Here is Baroness Ashton laying out her stall for EU collective foreign policy, in an ill-drafted text piling on one wordy cliche after another:

I believe that a lot can be achieved with quiet diplomacy. We need people who can listen as well as talk, and who can work behind the scenes as well as in the glare of the spotlight. What we also need is concerted action to achieve our goals.

My first priority will be to build the new diplomatic service that the Lisbon treaty foresees. The European External Action Service will be based in Brussels, with representations throughout the world. It should be a network that is the pride of Europe and the envy of the rest of the world, with the most talented people from all member states of the EU working in our common interest.

My objective is to enhance co-operation, to use the various crisis-management tools we already have and develop them and our civilian and military capabilities further in order to get the job done.

Memo to PS/EU High Representative:  when you use the word ‘develop’ in a draft text served up to the boss, you do not need to add the word ‘further’, since develop means do something further – see? Oh, and the phrase ‘in order to’ wastes time: a simple ‘to’ is fine.

Try this:

My aim is to enhance co-operation, to use our crisis-management tools and develop our civilian and military capabilities to get the job done.

Much better and clearer, because some ten words shorter.

Or for a speech, even shorter:

My aim is to enhance co-operation. To use our crisis-management tools. To develop our civilian and military capabilities.

To get the job done.

That at least sounds like someone who means business.

Back on the substance, it does not matter whether you speak loudly or whisper.

What matters is the core weight you bring to the negotiation concerned:

  • what will the other side get if it does what you want?
  • what will the other side pay or lose if it does not do what you want?

In a word, our old friends benefits and costs, or sticks and carrots.

Behind them lies the hardest part of diplomacy. Credibility.

It is not enough to offer nice carrots, if the other side does not believe that they exist or that you can deliver them.

And it is not enough to threaten sticks if the other side does not think you have the will to use them – and to continue using them for long enough to really hurt.

Together with our partners, we will keep pressure on Iran to meet international obligations on its nuclear programme.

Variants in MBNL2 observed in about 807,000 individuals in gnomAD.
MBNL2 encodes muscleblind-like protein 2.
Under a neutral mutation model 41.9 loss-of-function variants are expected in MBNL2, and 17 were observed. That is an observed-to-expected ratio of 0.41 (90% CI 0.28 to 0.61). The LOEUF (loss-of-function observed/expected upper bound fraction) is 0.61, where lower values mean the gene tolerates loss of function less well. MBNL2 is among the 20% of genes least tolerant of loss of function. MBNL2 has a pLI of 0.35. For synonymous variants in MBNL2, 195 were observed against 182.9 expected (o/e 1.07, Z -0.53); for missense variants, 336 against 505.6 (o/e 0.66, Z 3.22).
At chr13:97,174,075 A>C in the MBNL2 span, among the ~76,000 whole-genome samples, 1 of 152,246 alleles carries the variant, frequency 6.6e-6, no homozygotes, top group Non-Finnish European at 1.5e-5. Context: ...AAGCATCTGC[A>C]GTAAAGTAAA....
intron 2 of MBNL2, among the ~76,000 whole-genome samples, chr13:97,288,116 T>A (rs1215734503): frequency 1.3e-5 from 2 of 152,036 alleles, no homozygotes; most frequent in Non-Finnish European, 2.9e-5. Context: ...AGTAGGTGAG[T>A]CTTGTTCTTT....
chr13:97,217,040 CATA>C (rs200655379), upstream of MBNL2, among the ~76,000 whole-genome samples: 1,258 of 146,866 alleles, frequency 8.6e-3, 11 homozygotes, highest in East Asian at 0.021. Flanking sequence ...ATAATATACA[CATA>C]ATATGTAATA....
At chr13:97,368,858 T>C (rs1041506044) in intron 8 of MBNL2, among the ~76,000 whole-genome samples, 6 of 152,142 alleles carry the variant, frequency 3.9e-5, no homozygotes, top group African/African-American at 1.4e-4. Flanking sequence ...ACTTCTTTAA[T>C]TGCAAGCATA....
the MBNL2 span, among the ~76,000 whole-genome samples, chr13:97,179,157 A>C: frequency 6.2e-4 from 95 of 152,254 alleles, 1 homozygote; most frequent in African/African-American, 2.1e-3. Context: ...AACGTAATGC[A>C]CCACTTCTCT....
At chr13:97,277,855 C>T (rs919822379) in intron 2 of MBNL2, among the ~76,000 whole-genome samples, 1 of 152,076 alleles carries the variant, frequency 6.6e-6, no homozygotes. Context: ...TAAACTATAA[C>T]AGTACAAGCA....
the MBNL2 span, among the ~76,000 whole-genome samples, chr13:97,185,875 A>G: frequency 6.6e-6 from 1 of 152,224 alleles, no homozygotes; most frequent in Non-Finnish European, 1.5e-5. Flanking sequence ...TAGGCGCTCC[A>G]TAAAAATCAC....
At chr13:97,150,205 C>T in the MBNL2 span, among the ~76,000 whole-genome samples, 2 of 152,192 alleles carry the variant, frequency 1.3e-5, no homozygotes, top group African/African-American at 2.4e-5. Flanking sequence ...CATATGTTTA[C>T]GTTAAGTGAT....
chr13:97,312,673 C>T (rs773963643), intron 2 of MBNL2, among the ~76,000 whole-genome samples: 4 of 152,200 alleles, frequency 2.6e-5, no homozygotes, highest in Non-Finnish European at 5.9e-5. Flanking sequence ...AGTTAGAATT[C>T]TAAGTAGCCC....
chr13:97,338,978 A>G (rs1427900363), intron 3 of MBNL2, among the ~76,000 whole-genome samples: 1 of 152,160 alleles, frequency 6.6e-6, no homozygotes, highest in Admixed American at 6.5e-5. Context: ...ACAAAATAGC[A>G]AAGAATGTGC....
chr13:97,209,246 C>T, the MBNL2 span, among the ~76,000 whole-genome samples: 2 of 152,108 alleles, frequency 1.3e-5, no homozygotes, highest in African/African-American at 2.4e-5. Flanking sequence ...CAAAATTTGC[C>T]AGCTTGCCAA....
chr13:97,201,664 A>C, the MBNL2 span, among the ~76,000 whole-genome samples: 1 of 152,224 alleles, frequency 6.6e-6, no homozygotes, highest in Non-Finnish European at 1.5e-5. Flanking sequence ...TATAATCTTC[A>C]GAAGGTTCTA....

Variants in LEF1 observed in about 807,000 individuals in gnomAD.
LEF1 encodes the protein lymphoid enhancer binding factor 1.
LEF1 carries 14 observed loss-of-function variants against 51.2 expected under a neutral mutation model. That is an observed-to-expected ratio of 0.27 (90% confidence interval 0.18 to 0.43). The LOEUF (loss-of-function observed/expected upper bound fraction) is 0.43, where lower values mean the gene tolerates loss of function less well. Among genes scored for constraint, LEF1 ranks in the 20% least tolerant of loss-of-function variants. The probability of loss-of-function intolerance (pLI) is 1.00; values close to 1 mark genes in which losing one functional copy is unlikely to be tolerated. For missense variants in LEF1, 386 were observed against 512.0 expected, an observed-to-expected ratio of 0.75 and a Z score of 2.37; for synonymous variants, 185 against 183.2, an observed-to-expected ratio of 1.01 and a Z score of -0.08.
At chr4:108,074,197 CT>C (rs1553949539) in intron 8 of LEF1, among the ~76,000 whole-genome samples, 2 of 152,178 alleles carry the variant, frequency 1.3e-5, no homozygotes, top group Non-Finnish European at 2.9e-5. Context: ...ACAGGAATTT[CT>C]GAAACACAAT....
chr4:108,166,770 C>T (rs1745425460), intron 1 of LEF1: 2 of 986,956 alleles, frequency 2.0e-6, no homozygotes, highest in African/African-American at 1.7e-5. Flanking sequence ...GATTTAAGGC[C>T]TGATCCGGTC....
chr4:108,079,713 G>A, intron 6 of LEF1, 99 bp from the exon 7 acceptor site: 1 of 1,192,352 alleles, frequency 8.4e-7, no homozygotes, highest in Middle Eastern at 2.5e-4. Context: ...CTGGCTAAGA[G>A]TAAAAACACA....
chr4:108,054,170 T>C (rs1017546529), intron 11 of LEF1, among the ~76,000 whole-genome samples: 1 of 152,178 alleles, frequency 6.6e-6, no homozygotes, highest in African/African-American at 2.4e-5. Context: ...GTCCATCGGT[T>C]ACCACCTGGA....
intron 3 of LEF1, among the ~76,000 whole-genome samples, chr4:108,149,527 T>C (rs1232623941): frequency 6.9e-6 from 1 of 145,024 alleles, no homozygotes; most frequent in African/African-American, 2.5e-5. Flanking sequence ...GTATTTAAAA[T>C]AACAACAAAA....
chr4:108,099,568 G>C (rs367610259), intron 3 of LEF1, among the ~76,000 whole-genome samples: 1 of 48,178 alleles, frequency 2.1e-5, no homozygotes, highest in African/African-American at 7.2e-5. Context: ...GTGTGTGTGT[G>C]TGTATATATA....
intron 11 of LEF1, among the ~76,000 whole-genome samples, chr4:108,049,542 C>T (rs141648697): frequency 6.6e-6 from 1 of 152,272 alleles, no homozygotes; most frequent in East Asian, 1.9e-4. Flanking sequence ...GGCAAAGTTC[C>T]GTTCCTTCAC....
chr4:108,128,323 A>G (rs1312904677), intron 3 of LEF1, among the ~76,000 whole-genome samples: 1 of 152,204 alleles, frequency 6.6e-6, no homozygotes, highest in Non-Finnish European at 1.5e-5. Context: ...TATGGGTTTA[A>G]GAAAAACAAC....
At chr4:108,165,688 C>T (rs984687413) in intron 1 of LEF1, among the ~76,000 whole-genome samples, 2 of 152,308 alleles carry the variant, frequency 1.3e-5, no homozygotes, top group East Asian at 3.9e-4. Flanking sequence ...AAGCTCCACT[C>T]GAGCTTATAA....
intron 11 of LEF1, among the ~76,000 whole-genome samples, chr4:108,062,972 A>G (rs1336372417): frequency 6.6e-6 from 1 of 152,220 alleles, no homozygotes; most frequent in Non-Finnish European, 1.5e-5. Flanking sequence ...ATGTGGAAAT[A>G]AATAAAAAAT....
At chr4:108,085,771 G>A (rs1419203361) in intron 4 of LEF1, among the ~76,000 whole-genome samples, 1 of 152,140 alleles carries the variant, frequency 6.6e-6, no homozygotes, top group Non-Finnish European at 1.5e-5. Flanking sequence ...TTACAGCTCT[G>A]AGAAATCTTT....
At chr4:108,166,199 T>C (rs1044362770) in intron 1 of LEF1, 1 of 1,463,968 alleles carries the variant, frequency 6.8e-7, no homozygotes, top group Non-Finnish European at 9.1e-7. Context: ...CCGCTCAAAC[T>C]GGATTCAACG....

And when that does not work?

TEHRAN, Iran – Iran on Wednesday test fired an upgraded version of an advanced missile capable of hitting Israel and parts of Europe, an apparent show of strength aimed at discouraging attacks on its nuclear facilities.

The test of the medium-range Sajjil-2 fueled calls for tougher sanctions against Tehran, which has resisted U.N. demands that it rein in its nuclear ambitions. Iran touted the launch as a success proving it can deter any U.S. or Israeli military strike against its nuclear facilities.

Look at this fine example of the best possible diplomatic message not to send on such an occasion, emitted not by the weedy EU but by the even more weedy FCO:

Britain’s Foreign Office said Iran has the "clear intention to extend the range of its missiles," calling the launch "the wrong signal to send when the international community is trying to find a diplomatic solution" to its growing nuclear program.

Why is that the wrong signal to send if you are the regime in Tehran?

What if it wants to send a signal high in the sky attached to a nuclear missile saying Screw you, puny West – we’ll do what the hell we please!

What if the ‘international community’ is trying to find a diplomatic solution to Iran’s nuclear weapons ambitions, and Iran just wants the nukes?

You can be sure of one thing.

If Iran blows Israel off the map (or vice versa), Baroness Ashton and EU Foreign Ministers will have a very urgent meeting on the subject.

And maybe even issue a Strong Declaration.

Take that!